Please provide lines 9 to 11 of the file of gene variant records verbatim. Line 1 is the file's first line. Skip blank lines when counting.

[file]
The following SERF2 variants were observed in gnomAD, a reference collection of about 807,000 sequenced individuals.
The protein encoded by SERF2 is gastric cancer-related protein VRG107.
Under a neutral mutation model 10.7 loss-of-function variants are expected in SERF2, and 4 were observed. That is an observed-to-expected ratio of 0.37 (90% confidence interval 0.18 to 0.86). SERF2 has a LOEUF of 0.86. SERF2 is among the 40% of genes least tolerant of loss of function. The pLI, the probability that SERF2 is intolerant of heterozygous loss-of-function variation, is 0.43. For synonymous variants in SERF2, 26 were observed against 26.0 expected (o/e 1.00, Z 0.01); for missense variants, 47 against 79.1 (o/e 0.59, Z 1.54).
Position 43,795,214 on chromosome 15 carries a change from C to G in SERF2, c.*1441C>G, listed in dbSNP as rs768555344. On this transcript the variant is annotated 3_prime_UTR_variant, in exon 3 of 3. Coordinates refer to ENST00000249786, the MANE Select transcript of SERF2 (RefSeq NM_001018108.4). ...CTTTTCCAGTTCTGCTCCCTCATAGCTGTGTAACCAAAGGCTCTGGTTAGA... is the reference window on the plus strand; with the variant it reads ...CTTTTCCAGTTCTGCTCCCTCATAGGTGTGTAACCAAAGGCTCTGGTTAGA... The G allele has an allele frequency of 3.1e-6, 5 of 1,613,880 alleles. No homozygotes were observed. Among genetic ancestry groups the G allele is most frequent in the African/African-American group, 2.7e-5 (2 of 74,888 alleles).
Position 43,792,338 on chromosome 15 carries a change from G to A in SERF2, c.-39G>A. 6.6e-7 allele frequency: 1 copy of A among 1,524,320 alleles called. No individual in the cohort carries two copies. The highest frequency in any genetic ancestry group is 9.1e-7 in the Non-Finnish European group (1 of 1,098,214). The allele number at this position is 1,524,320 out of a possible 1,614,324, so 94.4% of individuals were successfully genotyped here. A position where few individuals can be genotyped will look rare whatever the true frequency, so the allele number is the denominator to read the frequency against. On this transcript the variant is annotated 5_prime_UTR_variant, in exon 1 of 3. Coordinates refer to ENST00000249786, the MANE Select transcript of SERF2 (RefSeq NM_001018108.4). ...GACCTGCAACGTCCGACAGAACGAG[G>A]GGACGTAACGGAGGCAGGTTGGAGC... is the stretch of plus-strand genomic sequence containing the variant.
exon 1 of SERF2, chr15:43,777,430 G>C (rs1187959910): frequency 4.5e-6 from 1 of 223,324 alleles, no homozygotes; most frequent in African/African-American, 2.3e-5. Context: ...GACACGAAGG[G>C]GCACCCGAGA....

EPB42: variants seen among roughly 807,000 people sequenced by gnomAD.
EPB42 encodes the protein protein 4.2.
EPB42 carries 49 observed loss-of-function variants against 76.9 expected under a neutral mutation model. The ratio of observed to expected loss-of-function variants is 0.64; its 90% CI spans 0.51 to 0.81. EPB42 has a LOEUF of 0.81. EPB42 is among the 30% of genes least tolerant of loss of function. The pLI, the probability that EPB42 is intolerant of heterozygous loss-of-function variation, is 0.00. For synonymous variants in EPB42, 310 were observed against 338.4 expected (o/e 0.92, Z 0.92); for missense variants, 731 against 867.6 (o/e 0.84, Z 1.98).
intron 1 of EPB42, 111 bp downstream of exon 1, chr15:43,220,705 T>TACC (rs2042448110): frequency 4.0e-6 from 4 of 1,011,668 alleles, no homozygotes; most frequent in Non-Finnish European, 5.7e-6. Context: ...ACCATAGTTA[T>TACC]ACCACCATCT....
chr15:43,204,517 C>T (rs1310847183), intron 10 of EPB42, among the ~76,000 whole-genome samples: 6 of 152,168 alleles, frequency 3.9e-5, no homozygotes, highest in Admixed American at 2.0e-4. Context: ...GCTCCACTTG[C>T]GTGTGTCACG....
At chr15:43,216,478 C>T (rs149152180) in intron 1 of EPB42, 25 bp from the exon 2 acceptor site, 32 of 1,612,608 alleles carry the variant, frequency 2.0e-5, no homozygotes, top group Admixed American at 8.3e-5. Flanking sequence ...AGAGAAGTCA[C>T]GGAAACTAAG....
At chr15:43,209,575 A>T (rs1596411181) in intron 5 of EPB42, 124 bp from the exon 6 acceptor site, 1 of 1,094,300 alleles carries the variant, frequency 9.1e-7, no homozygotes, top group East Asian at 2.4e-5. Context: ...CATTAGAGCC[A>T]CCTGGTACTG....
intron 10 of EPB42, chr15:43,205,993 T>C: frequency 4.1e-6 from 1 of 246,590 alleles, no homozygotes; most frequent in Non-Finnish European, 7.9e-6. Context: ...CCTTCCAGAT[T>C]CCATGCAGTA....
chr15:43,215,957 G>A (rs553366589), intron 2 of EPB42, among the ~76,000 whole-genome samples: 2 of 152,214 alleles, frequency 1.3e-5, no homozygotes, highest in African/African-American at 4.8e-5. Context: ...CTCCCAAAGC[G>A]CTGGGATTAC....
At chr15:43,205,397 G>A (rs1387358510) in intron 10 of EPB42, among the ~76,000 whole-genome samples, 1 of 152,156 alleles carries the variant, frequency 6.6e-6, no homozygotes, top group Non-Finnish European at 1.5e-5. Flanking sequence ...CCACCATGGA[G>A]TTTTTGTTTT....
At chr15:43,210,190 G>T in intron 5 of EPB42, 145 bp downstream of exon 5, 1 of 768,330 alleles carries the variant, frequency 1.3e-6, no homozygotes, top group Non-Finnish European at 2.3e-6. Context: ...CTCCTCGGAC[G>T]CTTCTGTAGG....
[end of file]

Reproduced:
EPB42 carries 49 observed loss-of-function variants against 76.9 expected under a neutral mutation model. The ratio of observed to expected loss-of-function variants is 0.64; its 90% CI spans 0.51 to 0.81. EPB42 has a LOEUF of 0.81. EPB42 is among the 30% of genes least tolerant of loss of function. The pLI, the probability that EPB42 is intolerant of heterozygous loss-of-function variation, is 0.00. For synonymous variants in EPB42, 310 were observed against 338.4 expected (o/e 0.92, Z 0.92); for missense variants, 731 against 867.6 (o/e 0.84, Z 1.98).
intron 1 of EPB42, 111 bp downstream of exon 1, chr15:43,220,705 T>TACC (rs2042448110): frequency 4.0e-6 from 4 of 1,011,668 alleles, no homozygotes; most frequent in Non-Finnish European, 5.7e-6. Context: ...ACCATAGTTA[T>TACC]ACCACCATCT....
chr15:43,204,517 C>T (rs1310847183), intron 10 of EPB42, among the ~76,000 whole-genome samples: 6 of 152,168 alleles, frequency 3.9e-5, no homozygotes, highest in Admixed American at 2.0e-4. Context: ...GCTCCACTTG[C>T]GTGTGTCACG....